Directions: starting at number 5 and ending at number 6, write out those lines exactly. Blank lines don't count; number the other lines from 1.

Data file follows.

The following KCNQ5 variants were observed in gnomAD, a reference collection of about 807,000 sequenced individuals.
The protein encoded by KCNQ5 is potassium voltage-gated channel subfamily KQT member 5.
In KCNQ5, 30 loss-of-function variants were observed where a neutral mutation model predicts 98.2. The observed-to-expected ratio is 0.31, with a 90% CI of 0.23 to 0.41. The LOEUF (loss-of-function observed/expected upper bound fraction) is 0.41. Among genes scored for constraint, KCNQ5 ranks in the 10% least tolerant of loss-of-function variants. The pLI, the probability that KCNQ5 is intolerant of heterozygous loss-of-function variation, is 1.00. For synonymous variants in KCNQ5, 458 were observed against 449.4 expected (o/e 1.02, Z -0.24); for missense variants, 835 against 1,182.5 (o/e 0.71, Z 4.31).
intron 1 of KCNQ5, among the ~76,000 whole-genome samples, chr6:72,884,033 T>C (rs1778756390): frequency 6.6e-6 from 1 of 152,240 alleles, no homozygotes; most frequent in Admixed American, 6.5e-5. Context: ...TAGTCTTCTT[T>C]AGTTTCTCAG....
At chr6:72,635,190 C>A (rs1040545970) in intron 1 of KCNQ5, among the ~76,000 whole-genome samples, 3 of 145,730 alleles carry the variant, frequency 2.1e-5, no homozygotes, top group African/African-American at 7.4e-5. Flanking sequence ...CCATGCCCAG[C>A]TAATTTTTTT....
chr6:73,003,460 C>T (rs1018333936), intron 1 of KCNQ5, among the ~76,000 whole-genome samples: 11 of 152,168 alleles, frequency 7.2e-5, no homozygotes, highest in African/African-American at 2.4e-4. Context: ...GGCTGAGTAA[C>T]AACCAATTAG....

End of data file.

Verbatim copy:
At chr6:72,635,190 C>A (rs1040545970) in intron 1 of KCNQ5, among the ~76,000 whole-genome samples, 3 of 145,730 alleles carry the variant, frequency 2.1e-5, no homozygotes, top group African/African-American at 7.4e-5. Flanking sequence ...CCATGCCCAG[C>A]TAATTTTTTT....
chr6:73,003,460 C>T (rs1018333936), intron 1 of KCNQ5, among the ~76,000 whole-genome samples: 11 of 152,168 alleles, frequency 7.2e-5, no homozygotes, highest in African/African-American at 2.4e-4. Context: ...GGCTGAGTAA[C>T]AACCAATTAG....